Forfeiture of Currency for Failure to File Form 8300 By Krista Hartwell
This post addresses the circumstances under which the government may forfeit currency for failure to file IRS Form 8300, Report of Cash Payments Over $10,000 Received in a Trade or Business.
Any person engaged in a trade or business who receives $10,000 or more in cash from a transaction (in the course of their trade or business), must file Form 8300. The requirement to file Form 8300 is located in both Title 26 (Internal Revenue Code § 6050I)  and Title 31 (Money and Finance § 5331(a)).
Section 5317(c) of Title 31 provides that property involved in a violation of Section 5313, 5316, or 5324 whether civil or criminal, may be seized and forfeited. See 31 U.S.C. § 5317(c).
Section 5313 requires domestic financial institutions to report certain currency transactions. Section 5316 places a reporting obligation on any person transporting or receiving $10,000 of monetary instruments transported into or out of the United States.
Section 5324(a) imposes a criminal penalty for structuring to avoid the requirements of Section 5313(a) and Section 5324(b) imposes a criminal penalty for causing or attempting to cause a nonfinancial trade or business to fail to file Form 8300, causing or attempting to cause a nonfinancial trade or business to file Form 8300 that contains a material omission or misstatement of fact, or for structuring or assisting in structuring or attempting to structure or assist in structuring any transaction with a nonfinancial trade or business.
Section 6050I of Title 26 and Section 5331 of Title 31 impose a requirement to file a Form 8300 when more than $10,000 of cash is received in a trade or business transaction. A failure to file Form 8300 on its own is not sufficient to permit forfeiture of currency. In United States v. Seher, 686 F.Supp. 2d 1323, the court stated, “significantly, unlike 31 U.S.C. § 5324, a violation of 31 U.S.C. § 5331 does not trigger criminal forfeiture.” However, a violation of Section 5331 in the context of violations of Section 5313, 5316 and 5324(b) can result in forfeiture of currency.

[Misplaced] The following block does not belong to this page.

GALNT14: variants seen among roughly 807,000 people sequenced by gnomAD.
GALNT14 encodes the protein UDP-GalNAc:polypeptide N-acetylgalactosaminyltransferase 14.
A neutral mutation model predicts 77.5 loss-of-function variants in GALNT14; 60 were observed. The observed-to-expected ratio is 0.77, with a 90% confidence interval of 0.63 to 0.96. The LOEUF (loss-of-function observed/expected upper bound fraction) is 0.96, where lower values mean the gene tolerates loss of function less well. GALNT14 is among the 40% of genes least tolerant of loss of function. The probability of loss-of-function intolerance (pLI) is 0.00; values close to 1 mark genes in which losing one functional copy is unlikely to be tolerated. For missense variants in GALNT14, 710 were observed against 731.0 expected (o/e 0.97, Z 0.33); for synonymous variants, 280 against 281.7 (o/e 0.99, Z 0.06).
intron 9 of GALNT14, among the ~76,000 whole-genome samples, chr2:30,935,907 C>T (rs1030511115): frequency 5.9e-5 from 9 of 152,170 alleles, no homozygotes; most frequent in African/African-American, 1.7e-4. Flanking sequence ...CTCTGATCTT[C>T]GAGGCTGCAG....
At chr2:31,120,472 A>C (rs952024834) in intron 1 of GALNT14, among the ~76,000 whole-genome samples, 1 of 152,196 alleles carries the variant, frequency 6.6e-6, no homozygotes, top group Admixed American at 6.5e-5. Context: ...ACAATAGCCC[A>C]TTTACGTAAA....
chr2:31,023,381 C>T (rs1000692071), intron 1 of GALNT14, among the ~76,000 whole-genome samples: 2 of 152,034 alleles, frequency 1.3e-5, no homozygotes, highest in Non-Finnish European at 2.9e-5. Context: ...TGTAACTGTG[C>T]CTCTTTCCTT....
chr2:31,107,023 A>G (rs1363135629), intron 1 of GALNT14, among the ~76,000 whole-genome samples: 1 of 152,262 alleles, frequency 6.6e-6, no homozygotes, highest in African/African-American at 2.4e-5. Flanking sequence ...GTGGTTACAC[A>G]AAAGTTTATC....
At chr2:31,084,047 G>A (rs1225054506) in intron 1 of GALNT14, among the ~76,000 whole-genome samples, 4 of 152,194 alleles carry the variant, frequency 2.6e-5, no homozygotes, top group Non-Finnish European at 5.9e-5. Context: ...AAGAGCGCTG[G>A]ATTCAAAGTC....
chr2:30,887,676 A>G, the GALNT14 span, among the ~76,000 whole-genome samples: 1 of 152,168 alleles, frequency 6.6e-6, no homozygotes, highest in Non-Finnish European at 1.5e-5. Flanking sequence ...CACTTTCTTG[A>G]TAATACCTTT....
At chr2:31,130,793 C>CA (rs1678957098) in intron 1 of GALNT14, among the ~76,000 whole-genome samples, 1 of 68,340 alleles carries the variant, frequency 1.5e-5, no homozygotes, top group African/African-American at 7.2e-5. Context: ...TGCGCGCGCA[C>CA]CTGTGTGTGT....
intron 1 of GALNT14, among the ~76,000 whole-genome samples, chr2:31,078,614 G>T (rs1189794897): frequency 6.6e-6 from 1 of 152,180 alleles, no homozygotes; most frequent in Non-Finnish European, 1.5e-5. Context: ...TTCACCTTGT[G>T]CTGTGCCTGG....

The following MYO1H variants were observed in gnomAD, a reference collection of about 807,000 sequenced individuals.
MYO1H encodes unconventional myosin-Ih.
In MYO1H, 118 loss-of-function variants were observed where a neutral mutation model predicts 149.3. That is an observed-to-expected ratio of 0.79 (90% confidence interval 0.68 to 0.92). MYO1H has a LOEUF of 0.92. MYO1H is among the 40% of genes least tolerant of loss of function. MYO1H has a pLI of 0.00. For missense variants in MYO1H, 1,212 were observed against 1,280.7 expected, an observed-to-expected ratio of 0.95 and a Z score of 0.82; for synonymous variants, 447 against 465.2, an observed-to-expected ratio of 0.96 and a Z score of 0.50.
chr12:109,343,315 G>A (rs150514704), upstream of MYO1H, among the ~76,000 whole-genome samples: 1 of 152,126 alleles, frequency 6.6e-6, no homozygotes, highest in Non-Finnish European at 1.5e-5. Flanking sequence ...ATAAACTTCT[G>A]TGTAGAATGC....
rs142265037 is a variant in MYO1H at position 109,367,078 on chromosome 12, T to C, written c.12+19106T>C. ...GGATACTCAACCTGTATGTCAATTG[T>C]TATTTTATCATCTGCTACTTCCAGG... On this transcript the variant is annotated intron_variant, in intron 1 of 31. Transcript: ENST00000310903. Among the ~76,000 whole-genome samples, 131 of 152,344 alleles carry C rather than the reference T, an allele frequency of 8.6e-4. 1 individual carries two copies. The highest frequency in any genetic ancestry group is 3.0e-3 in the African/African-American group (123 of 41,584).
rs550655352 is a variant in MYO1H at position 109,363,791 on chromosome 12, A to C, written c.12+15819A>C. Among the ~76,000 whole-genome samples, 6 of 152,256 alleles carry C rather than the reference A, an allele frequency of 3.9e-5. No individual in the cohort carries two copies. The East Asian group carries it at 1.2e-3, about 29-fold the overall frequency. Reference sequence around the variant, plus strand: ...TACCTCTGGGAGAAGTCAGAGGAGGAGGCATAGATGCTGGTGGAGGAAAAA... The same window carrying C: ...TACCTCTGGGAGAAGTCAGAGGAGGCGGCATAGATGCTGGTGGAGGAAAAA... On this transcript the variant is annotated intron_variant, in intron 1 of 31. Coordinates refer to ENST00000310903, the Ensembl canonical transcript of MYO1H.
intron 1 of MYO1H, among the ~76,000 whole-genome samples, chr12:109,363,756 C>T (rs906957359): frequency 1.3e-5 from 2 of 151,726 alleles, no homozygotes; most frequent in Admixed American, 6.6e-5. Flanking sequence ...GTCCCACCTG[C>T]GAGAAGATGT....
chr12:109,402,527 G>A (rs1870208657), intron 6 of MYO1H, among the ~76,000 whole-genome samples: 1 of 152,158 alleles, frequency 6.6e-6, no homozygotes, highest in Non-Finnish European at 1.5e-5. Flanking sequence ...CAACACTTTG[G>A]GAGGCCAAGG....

Section 6050I of the Internal Revenue Code states:
(1) who is engaged in a trade or business, and
(2) who, in the course of such trade or business, receives more than $10,000 in cash in 1 transaction (or 2 or more related transactions),
shall make the return described in subsection (b) with respect to such transaction (or related transactions) at such time as the Secretary may by regulations prescribe.
26 U.S.C. § 6050I. The form prescribed by the Secretary is Form 8300. 26 CFR § 1.6050I-1(e)(2).
 Section 5331(a) of Title 31 contains language similar to Section 6050I:
(A) who is engaged in a trade or business, and
(B) who, in the course of such trade or business, receives more than $10,000 in coins or currency in 1 transaction (or 2 or more related transactions), or
(2) who is required to file a report under section 6050I(g) of the Internal Revenue Code of 1986,
shall file a report described in subsection (b) with respect to such transaction (or related transactions) with the Financial Crimes Enforcement Network at such time and in such manner as the Secretary may, by regulation, prescribe.
The form prescribed by the Secretary is Form 8300. The FinCen website provides only IRS Form 8300 for reporting Section 5331(a) transactions. http://www.fincen.gov/forms/bsa_forms/. See also, United States v. Chaplin, Inc., 646 F.3d 846 (11th Cir. 2011) (Section 5331(a) requires any person “engaged in a trade or business” to report any transactions involving more than $10,000 in currency—i.e., to file Form 8300.); United States v. Calmes, 574 Fed. Appx. 295 (5th Cir. 2014); United States v. Sapyta, 390 F. Supp. 2d 563 (D. Tex. 2005). The instructions to Form 8300 state:
Important Reminders: Section 6050I (26 United States Code (U.S.C.) 6050I) and 31 U.S.C. 5331 require that certain information be reported to the IRS and the Financial Crimes Enforcement Network (FinCEN). This information must be reported on IRS/FinCEN Form 8300.
KRISTA HARTWELL – For more information please contact Krista Hartwell at Hartwell@taxlitigator.com or 310.281.3200. Ms. Hartwell is a tax lawyer at Hochman, Salkin, Rettig, Toscher & Perez, P.C. and represents clients throughout the United States and elsewhere involving federal and state, civil and criminal tax controversies and tax litigation. Additional information is available at http://www.taxlitigator.com.